Chelsey Tucker graduated with a Bachelor of History degree from Metropolitan State University in 2019. She now writes about insurance with her specialty being life insurance and has been quoted on Help Smart Phone and MEL Magazine.

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Dan Walker graduated with a BS in Administrative Management in 2005 and has been working in his family’s insurance agency, FCI Agency, for 15 years. He is licensed as an agent to write property and casualty insurance, including home, auto, umbrella, and dwelling fire insurance. He’s also been featured on sites like Reviews.com.

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Reviewed by Daniel Walker
Licensed Auto Insurance Agent Daniel Walker

UPDATED: May 20, 2022

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The lowdown...

  • While insurance companies charged higher rates or refused coverage to people with pre-existing conditions in the past, the Affordable Care Act prohibits the practice
  • The most significant factor that determines the price of your health insurance is whether you get it from an employer or the private market
  • Other factors include the state you live in, your annual income, and the type of plan you have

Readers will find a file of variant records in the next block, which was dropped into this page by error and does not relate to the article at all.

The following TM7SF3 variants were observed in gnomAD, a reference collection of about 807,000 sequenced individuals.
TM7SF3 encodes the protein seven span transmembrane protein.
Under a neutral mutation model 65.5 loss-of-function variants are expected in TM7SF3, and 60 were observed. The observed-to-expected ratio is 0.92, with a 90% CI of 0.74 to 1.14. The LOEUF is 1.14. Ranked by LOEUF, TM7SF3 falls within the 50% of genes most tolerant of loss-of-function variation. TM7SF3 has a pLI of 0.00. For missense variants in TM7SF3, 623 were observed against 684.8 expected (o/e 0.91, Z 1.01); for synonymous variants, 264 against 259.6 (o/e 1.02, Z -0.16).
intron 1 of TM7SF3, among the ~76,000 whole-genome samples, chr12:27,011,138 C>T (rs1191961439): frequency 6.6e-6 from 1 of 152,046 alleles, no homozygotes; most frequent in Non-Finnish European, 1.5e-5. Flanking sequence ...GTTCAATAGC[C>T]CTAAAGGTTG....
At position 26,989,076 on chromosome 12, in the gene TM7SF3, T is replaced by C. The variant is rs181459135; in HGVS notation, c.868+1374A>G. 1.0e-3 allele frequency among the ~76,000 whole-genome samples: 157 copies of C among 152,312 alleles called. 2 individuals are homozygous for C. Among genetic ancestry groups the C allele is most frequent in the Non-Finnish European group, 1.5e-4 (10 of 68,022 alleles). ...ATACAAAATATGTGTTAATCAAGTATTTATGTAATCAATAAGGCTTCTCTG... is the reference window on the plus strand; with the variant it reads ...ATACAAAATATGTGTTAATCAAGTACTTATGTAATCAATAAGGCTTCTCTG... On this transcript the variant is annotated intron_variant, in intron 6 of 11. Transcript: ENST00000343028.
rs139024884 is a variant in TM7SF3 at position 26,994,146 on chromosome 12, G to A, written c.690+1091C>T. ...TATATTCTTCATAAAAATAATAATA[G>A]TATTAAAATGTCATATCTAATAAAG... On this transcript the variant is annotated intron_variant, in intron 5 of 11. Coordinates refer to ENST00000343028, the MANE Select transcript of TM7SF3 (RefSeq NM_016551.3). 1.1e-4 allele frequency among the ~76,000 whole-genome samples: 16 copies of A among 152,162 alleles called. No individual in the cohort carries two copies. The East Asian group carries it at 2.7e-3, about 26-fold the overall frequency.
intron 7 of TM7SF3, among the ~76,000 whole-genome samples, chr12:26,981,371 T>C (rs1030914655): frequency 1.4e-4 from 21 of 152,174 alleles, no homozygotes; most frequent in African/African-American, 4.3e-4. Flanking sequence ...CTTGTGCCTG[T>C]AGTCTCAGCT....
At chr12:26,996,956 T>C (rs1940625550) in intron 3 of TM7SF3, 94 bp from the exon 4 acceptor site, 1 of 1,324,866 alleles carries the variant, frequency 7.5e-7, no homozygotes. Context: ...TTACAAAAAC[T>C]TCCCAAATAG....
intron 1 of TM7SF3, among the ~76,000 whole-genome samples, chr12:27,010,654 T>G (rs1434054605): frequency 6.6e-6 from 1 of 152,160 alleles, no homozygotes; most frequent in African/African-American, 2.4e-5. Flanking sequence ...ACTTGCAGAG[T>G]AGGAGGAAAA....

Before 2010, Americans with pre-existing conditions faced a lot of uncertainty about their health insurance. Companies could charge higher rates depending on medical conditions, making insurance unaffordable for many. In some cases, people would be denied coverage altogether. 

The Affordable Care Act prohibits insurance providers from punishing people for having health conditions. That includes people with diabetes, asthma, and cancer. This law also applies to people that are overweight or obese.

While obesity is a pre-existing condition, health insurance providers have to offer the same rates as they would to anyone else. Additionally, you don’t have to worry about being denied coverage for a pre-existing condition.

“Can you be denied health insurance because of weight?” If this question has stopped you from looking for coverage, the Affordable Care Act guarantees you the right to buy insurance. Read on to learn more about healthcare coverage, then compare rates with insurance providers to find the best price.

Do you want to find affordable and better health insurance today? Enter your ZIP code above and compare at least three to four policies!

How does weight affect your health insurance?